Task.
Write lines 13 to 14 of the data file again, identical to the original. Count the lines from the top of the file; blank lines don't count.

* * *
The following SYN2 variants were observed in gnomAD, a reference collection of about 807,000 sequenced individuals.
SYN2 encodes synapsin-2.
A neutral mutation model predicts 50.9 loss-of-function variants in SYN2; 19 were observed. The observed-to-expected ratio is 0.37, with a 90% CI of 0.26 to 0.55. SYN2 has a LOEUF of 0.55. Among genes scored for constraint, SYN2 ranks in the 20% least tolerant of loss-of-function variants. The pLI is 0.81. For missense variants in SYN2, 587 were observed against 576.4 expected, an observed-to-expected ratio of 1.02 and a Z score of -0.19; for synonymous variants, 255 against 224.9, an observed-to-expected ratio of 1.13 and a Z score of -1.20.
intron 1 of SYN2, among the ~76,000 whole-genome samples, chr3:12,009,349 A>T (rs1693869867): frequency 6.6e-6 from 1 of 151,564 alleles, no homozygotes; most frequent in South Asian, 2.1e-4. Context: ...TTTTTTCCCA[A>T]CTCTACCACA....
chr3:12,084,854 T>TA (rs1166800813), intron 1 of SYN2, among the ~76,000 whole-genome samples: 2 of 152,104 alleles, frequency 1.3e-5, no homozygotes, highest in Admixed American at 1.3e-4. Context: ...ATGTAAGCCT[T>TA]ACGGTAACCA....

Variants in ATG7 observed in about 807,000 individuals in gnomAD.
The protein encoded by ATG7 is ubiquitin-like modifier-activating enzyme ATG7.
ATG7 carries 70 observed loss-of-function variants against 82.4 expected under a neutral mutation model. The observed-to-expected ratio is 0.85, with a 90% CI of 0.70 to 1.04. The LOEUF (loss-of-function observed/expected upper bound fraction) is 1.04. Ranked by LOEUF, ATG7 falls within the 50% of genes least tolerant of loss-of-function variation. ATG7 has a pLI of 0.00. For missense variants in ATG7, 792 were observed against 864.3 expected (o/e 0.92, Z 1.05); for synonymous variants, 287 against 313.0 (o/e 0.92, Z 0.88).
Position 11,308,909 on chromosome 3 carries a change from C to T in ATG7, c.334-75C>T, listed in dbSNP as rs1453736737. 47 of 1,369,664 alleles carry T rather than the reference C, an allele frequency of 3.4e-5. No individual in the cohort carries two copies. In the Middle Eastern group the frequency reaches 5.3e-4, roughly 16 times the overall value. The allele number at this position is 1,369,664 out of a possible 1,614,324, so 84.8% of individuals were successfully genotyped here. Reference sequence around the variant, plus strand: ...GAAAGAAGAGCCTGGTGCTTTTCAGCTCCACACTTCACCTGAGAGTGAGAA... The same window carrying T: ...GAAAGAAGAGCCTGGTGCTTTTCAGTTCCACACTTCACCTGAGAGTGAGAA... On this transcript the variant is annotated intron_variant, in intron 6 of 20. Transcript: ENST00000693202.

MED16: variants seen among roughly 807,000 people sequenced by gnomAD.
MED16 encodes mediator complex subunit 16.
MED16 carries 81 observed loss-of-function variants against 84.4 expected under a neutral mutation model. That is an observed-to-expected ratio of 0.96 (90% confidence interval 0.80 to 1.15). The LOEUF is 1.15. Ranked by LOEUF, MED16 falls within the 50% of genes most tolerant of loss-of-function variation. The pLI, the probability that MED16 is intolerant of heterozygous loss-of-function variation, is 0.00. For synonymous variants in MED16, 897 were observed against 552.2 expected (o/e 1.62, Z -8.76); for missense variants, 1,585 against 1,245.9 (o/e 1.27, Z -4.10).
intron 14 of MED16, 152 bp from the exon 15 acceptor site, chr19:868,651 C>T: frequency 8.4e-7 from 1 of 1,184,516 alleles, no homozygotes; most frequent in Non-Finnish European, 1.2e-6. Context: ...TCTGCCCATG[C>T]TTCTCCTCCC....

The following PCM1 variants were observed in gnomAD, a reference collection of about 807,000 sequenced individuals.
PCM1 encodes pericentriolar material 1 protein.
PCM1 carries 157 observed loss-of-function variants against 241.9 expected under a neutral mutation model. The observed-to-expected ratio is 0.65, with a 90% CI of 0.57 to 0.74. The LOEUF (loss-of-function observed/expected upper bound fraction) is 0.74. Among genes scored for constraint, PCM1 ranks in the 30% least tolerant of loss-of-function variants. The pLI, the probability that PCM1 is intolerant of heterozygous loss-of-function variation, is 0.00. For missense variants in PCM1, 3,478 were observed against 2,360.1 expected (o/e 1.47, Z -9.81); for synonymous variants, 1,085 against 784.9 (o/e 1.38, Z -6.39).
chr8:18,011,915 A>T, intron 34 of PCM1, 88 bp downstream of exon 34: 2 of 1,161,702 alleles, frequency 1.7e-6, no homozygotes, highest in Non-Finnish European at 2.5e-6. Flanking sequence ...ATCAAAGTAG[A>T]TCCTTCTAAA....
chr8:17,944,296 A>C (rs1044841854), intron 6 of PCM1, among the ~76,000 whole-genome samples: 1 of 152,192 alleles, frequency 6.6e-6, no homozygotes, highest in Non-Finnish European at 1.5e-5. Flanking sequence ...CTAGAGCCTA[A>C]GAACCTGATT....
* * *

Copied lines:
intron 14 of MED16, 152 bp from the exon 15 acceptor site, chr19:868,651 C>T: frequency 8.4e-7 from 1 of 1,184,516 alleles, no homozygotes; most frequent in Non-Finnish European, 1.2e-6. Context: ...TCTGCCCATG[C>T]TTCTCCTCCC....

The following PCM1 variants were observed in gnomAD, a reference collection of about 807,000 sequenced individuals.